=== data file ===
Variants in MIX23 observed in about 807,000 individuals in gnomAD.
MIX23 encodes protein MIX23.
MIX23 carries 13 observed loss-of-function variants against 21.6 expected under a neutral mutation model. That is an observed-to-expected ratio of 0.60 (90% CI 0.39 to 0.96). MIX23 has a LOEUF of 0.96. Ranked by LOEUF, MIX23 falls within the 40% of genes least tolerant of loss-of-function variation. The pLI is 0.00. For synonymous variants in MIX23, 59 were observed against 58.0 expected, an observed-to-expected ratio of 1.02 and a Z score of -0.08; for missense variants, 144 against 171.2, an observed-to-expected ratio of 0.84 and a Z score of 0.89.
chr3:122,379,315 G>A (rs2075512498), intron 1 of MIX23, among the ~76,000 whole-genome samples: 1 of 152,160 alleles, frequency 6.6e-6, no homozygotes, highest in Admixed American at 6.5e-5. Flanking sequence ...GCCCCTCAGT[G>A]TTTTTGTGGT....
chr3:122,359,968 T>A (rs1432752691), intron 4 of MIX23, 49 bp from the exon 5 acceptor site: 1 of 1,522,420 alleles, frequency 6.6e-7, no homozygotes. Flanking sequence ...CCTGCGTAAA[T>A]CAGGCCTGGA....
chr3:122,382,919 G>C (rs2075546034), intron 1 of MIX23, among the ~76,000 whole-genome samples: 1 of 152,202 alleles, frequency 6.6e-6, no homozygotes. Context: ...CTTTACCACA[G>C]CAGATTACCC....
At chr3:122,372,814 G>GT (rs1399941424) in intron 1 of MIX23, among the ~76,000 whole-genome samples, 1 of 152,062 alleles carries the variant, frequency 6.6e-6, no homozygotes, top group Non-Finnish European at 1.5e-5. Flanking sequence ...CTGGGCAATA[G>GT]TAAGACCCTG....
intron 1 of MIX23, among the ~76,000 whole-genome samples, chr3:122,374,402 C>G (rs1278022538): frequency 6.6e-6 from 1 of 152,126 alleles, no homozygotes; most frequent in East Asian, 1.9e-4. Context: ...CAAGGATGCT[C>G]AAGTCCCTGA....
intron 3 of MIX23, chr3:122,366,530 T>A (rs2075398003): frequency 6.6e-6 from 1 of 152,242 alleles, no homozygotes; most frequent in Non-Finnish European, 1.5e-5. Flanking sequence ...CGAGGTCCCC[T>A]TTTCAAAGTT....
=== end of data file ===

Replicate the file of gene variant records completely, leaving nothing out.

Variants in MIX23 observed in about 807,000 individuals in gnomAD.
MIX23 encodes protein MIX23.
MIX23 carries 13 observed loss-of-function variants against 21.6 expected under a neutral mutation model. That is an observed-to-expected ratio of 0.60 (90% CI 0.39 to 0.96). MIX23 has a LOEUF of 0.96. Ranked by LOEUF, MIX23 falls within the 40% of genes least tolerant of loss-of-function variation. The pLI is 0.00. For synonymous variants in MIX23, 59 were observed against 58.0 expected, an observed-to-expected ratio of 1.02 and a Z score of -0.08; for missense variants, 144 against 171.2, an observed-to-expected ratio of 0.84 and a Z score of 0.89.
chr3:122,379,315 G>A (rs2075512498), intron 1 of MIX23, among the ~76,000 whole-genome samples: 1 of 152,160 alleles, frequency 6.6e-6, no homozygotes, highest in Admixed American at 6.5e-5. Flanking sequence ...GCCCCTCAGT[G>A]TTTTTGTGGT....
chr3:122,359,968 T>A (rs1432752691), intron 4 of MIX23, 49 bp from the exon 5 acceptor site: 1 of 1,522,420 alleles, frequency 6.6e-7, no homozygotes. Flanking sequence ...CCTGCGTAAA[T>A]CAGGCCTGGA....
chr3:122,382,919 G>C (rs2075546034), intron 1 of MIX23, among the ~76,000 whole-genome samples: 1 of 152,202 alleles, frequency 6.6e-6, no homozygotes. Context: ...CTTTACCACA[G>C]CAGATTACCC....
At chr3:122,372,814 G>GT (rs1399941424) in intron 1 of MIX23, among the ~76,000 whole-genome samples, 1 of 152,062 alleles carries the variant, frequency 6.6e-6, no homozygotes, top group Non-Finnish European at 1.5e-5. Flanking sequence ...CTGGGCAATA[G>GT]TAAGACCCTG....
intron 1 of MIX23, among the ~76,000 whole-genome samples, chr3:122,374,402 C>G (rs1278022538): frequency 6.6e-6 from 1 of 152,126 alleles, no homozygotes; most frequent in East Asian, 1.9e-4. Context: ...CAAGGATGCT[C>G]AAGTCCCTGA....
intron 3 of MIX23, chr3:122,366,530 T>A (rs2075398003): frequency 6.6e-6 from 1 of 152,242 alleles, no homozygotes; most frequent in Non-Finnish European, 1.5e-5. Flanking sequence ...CGAGGTCCCC[T>A]TTTCAAAGTT....